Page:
Friday, May 15, 2015

Dove as symbol

The Sign of the Dove is ostensibly about a dove. It is about a bird, its coloration, its sigh and its nature. By analyzing The Sign of the Dove in more depth, however, it becomes clear that this text and image pairing is not solely a bird. Rather, it is about the sign. The sign, this sign of the dove, was a way to use metaphor to extract meaning out of a text and an image. Its purpose: to indicate the spiritual nature of what’s signified. Metaphor is the medium through which this spiritual world is visible. The Sign of the Dove was used, not to be looked at, but to be looked through to the invisible, to the conceptual and the spiritual. To illuminate the theological and determine that life of sublimity.
While this image could illuminate another world, it could also be used to collect knowledge about a place, a world. The Sign of the Dove was part of a larger book—a book on many types of birds and their significance. This book, like many texts and images we have analyzed in this course, is a bestiary. It is an encyclopedia. As I have mentioned in previous blog posts, I believe that these complications with the express purpose of collecting knowledge about the outside world were very powerful tools. Encyclopedias, bestiaries, indicate that the author is trying to learn. They are trying to master some part of the physical environment. Cataloging is a first step to having power over something. By cataloging these animals, the authors of these bestiaries were attempting to gain partial control over the animals contained therein. It can be imagined to be a respite from the great fear of the unknown. 
The Sign of the Dove seems to be something else, also. Not only was this other, spiritual world something that could be used to understand complex topics—sin and love were two we touched on—but the self. As we went on to discuss at the end of class, the Sign of the Dove indicates the occurrence of an intricate psychology. By looking at this text and image, one could understand themselves better through the aide of looking at a particular creature. Again, we see here that people were attempting to understand themselves and the world around them—to gain a grasp of the world through cataloging language and, as evidenced here, through metaphor.
This world within a world signification indicates, to me, something broader about how animals were used in the Middle Ages. Throughout this course, we have been asking the question what are animals for? What is their relationship to humans? Perhaps we can use the Sign of the Dove to flesh out our understanding of that relationship. The use of metaphor in the interpretation of the Sign of the Dove could be akin to the use of animals in the interpretation of the world. That is to say, people used metaphor to interpret an image of a dove to extract meaning out of the world around them. Within this comparison, animals can take the place of metaphor, here. To people in the Middle Ages, and perhaps to people now, animals can be used to extract some meaning out of the world around them. Animals can be, and are, symbols. They are symbols used to get at some larger meaning, to analyze the way in which humans themselves navigate the world around them.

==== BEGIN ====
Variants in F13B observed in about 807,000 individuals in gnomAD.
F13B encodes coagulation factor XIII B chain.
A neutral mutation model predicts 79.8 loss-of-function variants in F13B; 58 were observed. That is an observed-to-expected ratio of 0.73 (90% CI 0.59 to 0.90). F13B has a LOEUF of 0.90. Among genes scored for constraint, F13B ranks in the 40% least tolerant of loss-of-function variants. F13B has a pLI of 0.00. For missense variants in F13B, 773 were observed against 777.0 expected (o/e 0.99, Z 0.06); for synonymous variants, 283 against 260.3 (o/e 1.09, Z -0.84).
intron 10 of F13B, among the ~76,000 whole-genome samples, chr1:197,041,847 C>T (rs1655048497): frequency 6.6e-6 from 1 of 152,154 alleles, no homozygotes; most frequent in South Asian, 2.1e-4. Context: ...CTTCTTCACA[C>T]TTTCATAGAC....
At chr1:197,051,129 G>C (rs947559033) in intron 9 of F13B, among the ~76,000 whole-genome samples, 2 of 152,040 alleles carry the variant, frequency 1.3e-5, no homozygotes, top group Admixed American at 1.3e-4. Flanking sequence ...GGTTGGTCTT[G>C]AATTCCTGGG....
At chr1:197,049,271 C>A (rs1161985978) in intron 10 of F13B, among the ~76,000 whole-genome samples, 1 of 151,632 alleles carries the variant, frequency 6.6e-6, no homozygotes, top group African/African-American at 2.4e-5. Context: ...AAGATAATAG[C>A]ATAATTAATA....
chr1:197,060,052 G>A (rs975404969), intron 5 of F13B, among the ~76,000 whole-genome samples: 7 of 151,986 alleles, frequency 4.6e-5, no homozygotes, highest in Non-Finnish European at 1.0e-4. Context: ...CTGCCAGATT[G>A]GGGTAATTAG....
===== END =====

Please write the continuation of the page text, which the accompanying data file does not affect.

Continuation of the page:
We see this animal as symbol or signifier just as we saw dove as signifier in the three ways outlined above. First, as first and foremost a symbol. As we have seen before, animals were not only economically useful, but also served as signifiers. Here, though, the broader meaning that animals help humans to understand the spiritual world, the natural world, what is real and what is not. Animals could serve as approximations of what could seem to be ungraspable to the intellect. Next, as a way of knowledge collection. To learn about animals is a way to learn about the world. Animals live in the woods, and the woods can symbolize the great unknown. By learning about small pieces of what lies in that great unknown, the fright that accompanies that great void can be lessened. Finally, as ways to understand people themselves. They also attained class distinctions, were described in ways similar to humans. They were extensions of humans. By giving animals certain characteristics, they could be used to help humans understand more about their own world, their human world.
Many could give a counterargument. In class, we asked some very good questions—why not just get a real bird? Why interpret both the picture and text instead? What does this illustration do that a flesh and blood animal does not? I will elaborate on these questions to provide a counterargument. If we cannot just use a bird as a symbol in interpreting The Sign of the Dove to examine the spiritual world and get closer to God, how can we use flesh and blood animals to extract meaning out of the world of humans? Aren’t flesh and blood animals not enough to use as a symbol, or an interpretive device?